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Game: Texas Holdem No Limit, blinds 5/10.

What is the minimum raise allowed after the flop in the following cases?

Case 1: player A first to act goes all in with 1 chip.

Case 2: player A first to act goes all in with 11 chips.

Case 3: player A first to act goes all in with 6 chips.

What is the minimum raise the next player can make?

  • I'm confused. The blinds are $5/$10, and another player has either $1 or $11 and goes all in. You're asking what is the minimum raise a subsequent player can make? – Chris Farmer Jan 23 '15 at 13:30
  • Yes, my apologies if its confusing. – osmiumbin Jan 23 '15 at 13:54
  • You would basically never play these stakes with $1 chips. Wouldn't it make more sense to think of them as $5 chips or just post your question in actual $ amounts? – Unknown Coder Jan 24 '15 at 15:13
  • It's play money. And is totally possible. Player A has 11 chips at the starting of the hand, calls the big blind and then after the flop goes all in for the remaining 1 chip. – osmiumbin Jan 25 '15 at 8:27
  • I don't understand the meaning of such questions. Is this a hand that taken place anyway or is just another math exercise? – user1165 Jan 27 '15 at 13:14
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There are two basic scenarios that get a little confusing when players are going all in. Scenario 1 is when the player goes all in for less then a full bet, your case 1 and case 3 are covered in this scenario. Scenario 2 is when a player goes all in making a raise that is less then the full raise this is your case 2.

The big problem is that the answer to these questions have a lot of variables involved. The way it would be done at a tournament often differs then the way it would be done in a cash game, but not always depending on where you are playing. The only right answer to this question is what you agree on at the time.

The important thing is that however it is commonly done is not particularly important, this is really a zero sum thing when the rulings are consistent for everyone. What is important at a card game is that whatever way it is done is known to the staff and players and always done the same way. There is really no particular best way to define this, just kind of depends what everybody is most comfortable with.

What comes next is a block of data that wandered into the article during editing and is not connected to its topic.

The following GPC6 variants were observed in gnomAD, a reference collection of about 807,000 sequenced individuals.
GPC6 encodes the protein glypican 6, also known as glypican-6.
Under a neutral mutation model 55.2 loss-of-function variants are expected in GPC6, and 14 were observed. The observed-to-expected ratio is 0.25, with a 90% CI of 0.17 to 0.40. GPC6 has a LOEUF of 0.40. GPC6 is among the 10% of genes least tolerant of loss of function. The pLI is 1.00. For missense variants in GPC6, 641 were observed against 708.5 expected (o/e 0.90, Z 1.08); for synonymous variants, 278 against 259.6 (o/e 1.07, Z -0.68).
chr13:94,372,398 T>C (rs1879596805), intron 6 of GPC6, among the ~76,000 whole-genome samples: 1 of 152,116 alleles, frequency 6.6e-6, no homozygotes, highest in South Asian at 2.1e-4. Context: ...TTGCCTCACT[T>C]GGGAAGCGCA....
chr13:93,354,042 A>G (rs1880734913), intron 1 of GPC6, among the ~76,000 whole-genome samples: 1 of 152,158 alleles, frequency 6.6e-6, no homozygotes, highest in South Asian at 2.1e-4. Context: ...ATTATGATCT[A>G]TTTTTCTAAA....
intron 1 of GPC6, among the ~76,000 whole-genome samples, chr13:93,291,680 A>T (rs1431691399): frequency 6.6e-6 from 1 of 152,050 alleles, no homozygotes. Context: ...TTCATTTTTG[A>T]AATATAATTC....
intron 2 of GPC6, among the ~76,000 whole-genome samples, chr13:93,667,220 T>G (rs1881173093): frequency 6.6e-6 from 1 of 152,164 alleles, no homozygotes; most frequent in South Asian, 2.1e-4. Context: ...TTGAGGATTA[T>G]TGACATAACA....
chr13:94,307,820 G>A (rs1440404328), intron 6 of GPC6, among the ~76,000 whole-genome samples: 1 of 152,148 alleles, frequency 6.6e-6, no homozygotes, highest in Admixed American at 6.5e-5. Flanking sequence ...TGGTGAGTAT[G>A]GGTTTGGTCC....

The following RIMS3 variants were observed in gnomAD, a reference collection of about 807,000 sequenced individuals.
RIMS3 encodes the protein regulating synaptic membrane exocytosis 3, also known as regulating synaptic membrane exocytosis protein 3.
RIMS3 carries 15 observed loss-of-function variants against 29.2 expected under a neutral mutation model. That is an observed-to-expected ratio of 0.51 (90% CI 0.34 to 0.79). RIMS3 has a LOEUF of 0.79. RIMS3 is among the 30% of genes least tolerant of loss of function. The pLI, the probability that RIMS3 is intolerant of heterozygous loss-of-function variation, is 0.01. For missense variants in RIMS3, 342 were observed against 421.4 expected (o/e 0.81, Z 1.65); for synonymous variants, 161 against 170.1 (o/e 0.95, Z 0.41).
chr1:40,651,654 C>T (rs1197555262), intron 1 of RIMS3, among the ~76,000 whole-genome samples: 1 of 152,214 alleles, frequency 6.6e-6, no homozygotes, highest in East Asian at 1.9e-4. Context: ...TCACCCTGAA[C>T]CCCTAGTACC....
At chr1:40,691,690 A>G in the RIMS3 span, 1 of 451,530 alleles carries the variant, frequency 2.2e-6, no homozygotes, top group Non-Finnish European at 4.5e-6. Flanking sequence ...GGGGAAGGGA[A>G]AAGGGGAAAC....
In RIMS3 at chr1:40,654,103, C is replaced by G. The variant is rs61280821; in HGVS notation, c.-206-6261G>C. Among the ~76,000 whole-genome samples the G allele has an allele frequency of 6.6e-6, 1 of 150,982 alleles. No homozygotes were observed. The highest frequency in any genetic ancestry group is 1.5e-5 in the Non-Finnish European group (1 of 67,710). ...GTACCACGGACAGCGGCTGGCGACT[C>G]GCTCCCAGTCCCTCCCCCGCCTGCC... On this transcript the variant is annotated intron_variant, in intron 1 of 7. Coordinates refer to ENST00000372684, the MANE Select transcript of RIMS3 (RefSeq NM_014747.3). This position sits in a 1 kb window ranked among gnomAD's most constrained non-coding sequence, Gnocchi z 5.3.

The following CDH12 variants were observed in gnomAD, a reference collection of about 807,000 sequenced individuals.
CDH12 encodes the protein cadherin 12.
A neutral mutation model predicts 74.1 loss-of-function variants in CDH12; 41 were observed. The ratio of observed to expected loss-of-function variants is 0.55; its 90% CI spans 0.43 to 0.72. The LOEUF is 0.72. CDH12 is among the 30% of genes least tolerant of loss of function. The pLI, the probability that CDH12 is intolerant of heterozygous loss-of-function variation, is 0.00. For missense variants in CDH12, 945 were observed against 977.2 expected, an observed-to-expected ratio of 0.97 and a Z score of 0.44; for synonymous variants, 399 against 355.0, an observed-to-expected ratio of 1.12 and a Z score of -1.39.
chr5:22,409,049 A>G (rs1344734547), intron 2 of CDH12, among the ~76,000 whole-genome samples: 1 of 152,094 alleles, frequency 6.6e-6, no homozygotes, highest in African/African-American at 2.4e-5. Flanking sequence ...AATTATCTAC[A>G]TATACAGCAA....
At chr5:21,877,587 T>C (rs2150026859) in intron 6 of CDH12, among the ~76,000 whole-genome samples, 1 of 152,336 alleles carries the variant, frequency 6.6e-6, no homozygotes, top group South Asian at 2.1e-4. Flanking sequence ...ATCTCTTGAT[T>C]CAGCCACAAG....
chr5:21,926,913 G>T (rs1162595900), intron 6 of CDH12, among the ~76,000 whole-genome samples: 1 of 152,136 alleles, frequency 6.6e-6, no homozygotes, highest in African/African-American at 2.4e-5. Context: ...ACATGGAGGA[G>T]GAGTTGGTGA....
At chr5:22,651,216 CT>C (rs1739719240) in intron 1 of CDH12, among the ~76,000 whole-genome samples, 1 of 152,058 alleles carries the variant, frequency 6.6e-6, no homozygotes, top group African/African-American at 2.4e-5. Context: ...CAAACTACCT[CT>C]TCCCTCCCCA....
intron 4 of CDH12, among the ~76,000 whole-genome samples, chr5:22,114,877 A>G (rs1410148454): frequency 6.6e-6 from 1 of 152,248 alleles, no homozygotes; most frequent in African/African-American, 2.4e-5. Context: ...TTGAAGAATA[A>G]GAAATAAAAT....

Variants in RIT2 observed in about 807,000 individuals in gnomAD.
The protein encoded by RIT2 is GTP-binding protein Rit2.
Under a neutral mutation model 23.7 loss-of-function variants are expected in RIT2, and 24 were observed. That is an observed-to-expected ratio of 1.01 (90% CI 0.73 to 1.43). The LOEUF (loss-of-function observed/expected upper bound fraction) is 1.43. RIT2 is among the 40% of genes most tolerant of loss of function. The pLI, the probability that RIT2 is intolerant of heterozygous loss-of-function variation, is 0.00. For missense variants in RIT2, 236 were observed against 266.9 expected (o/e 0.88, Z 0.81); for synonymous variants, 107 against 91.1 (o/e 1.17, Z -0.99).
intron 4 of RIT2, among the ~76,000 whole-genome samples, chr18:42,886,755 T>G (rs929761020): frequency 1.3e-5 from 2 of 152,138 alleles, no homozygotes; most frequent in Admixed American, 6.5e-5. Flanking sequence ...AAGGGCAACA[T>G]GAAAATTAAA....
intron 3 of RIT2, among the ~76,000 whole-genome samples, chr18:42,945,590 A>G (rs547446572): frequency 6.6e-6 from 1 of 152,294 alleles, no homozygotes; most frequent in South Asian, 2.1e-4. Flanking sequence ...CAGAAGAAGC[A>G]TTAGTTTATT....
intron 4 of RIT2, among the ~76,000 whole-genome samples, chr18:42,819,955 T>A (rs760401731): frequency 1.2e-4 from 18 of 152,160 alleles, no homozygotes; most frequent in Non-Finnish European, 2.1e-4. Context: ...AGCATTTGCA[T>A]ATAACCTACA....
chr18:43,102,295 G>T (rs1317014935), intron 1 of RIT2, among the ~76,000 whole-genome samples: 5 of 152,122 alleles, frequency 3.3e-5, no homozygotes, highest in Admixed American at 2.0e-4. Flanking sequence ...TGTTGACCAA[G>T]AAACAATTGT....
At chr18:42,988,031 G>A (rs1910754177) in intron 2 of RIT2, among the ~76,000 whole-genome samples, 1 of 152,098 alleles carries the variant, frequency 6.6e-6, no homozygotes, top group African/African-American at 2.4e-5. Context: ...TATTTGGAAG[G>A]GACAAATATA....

One should be aware that the short answer to the question of “what is the minimum raise allowed after the flop in the following questions” is that it depends completely on where you are playing, what shift you are playing on, who is dealing, and who is on the floor. You should expect different rulings from different dealers and floor people. You will find no consistency with rules here. Even people who read the rules have a bad time understanding the rules.

When you come across this type of situation you should just ask, and then when it comes up again ask again, good chance you will get a different answer.

  • As I wrote another answer I realized that there is nothing but localized answers to this question. It is one of those things that is just not universally done the same way everywhere. So I deleted my first answer. – Jon Jan 24 '15 at 0:40
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Hmmm, I think you are confused. There is no such thing as a legal 'minimum raise' - some gambling houses might insist on at least a big blind, but it is not a rule.

It actually a phrase meaning a player has made a 'minimum raise', i.e. they have raised but by possibly the smallest amount. They have not made any attempt at extravagance in betting to show off or bluff or intimidate, but just said 'okay i'm in'. Essentially a minimum raise is a 'limp', although limping refers to a player with a strong hand making a MR, which is tactics and depends on the environment and mood of the player in question.

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    I think this is missing the point. The OP is clearly asking for a specific number, not some philosophical conversation about extravagance. – Chris Farmer Jan 25 '15 at 16:32
  • He asks 'what is the MR ALLOWED ...', which in my Poker experience isn't true. – JMP Jan 25 '15 at 16:42
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I have found the answer by testing it on pokerstars. It's not the general rule, i know, but it's a solid solution.

Provided that the next player has enough chips for a minimum raise, that would be:

Case 1: 10 chips (1 big blind).

Case 2: 22 chips.

Case 3: 12 chips.

Cases 2 & 3 are nothing special, following the rule of adding the largest previous raise, so 11 + 11 and 6 + 6 respectively. For case 1, since the minimum raise would be under one big blind (1 + 1 = 2) the minimum raise is therefore increased to 1 big blind.

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